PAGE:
Friday, August 31, 2012

THE PLACE OF HSE IN FOOD INSPECTION

BY W. D. AMAKIRI
Being a paper presented at the Thematic Training of Environmental health Officers on Health, Safety and Environment, in Benin-City, May, 2012

1. INTRODUCTION AND DEFINITION
HSE is an acronym which means Health, Safety and Environment. Conceptually, it refers, to a process tool that is used in managing the health, safety and environmental concerns of an organization. Health, safety and environmental concerns of an organization refer to how the work force of an organization can remain healthy, safe and work in an environment devoid of issues that will be harmful or prejudicial to health and well being; that is, work in an environment devoid of hazards.

What this means is that it is a management system, normally, deployed to scientifically handle the negative HSE issues and concerns of various work processes. Because it is used in the scientific management of those issues which would negatively impact the work force in the work processes at work and the environment, the EHO as a key expert in the environmental work team must be well grounded in its conception and application. The EHO stands to benefit from its application to the science of food hygiene inspection, so as to be able to identify and eliminate food safety hazards. It is, therefore, the aim of this paper to highlight the application of this concept in food inspection.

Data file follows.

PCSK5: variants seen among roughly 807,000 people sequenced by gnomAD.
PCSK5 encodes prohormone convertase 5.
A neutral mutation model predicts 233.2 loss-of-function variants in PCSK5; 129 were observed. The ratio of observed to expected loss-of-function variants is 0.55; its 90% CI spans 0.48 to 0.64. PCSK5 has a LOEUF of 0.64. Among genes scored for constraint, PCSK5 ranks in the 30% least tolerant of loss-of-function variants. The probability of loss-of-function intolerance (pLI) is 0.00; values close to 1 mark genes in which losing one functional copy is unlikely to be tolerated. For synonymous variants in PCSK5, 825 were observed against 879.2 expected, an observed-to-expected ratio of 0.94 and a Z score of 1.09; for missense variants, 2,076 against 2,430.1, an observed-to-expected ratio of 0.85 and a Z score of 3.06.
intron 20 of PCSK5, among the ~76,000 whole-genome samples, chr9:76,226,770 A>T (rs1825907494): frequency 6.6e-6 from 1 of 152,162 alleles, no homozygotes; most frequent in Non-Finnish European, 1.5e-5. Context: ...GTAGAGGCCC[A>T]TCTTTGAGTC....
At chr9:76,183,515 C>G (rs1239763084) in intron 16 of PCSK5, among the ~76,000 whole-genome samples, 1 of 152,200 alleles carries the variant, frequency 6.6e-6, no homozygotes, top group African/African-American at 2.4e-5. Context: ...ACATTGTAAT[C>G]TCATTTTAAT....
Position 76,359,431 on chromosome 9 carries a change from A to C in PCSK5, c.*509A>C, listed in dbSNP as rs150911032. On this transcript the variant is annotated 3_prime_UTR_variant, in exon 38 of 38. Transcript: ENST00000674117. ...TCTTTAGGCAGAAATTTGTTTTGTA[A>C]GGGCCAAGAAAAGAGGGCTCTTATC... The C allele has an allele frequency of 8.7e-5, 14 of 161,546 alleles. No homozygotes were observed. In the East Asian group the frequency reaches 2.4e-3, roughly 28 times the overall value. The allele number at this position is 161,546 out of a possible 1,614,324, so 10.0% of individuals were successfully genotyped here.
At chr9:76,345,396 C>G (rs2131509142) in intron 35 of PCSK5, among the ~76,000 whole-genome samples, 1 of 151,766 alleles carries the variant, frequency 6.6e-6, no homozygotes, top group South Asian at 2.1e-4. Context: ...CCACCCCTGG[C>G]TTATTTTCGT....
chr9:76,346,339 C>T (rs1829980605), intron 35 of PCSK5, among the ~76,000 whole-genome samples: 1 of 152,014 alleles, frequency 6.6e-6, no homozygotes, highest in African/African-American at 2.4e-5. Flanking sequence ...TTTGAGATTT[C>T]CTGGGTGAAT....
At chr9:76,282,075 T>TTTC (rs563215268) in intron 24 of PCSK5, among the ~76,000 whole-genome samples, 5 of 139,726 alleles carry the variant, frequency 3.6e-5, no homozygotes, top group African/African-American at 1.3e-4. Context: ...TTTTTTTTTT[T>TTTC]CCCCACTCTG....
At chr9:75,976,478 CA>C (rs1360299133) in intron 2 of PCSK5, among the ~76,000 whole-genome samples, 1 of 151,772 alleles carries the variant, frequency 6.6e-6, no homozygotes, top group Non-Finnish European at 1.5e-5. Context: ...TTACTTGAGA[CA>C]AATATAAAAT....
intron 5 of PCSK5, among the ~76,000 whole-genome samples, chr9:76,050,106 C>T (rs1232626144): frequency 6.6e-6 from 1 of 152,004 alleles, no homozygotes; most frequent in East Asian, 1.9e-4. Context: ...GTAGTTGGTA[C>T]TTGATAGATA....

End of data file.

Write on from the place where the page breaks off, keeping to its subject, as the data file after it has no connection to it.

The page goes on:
2. DEPLOYMENT OF HSE IN FOOD INSPECTION
The basic aspect of the HSE management process or system, is the identification of hazards and putting in place systems that work effectively to eliminate such hazards or reducing them to As Low As Reasonably Practicable (ALARP) where they cannot be eliminated. The sole aim is to make the work environment and work place safe to a standard that makes it harmless.

Similarly, the role of the EHO in food inspection is to identify and eliminate food safety hazards or hazards inherent in food so as to activate measures that can be put in place to render unwholesome food wholesome and safe for consumption.

3. HSE TOOLS AND THEIR APPLICATION IN FOOD INSPECTION
The basic HSE tools of hazard identification are unsafe acts and unsafe conditions audits, inspection of work processes, inspection of personnel during work, inspection of work methods and auditing and inspection of work tools and equipment.
Audit involves a purposeful inspection walk through of the work environment, taking a critical look at the work place touching all the significant areas mentioned above with the sole aim of identifying inherent hazards and recommending strategies for their elimination or reduction. It includes critically inspecting the various aspects and processes in the work area and environment with a view to uncovering inherent hazards. Such identified hazards are recorded and reported to the process owner(s) for correction and or re-engineering for the purpose of rectification and or remediation.

Unsafe act audits, unlike other HSSE audit tools which aim at identifying work processes, tools and equipment, rather aim at identifying the behavioural shortfalls of the worker that can result in creating a hazard or hazardous situation that may lead to an accident.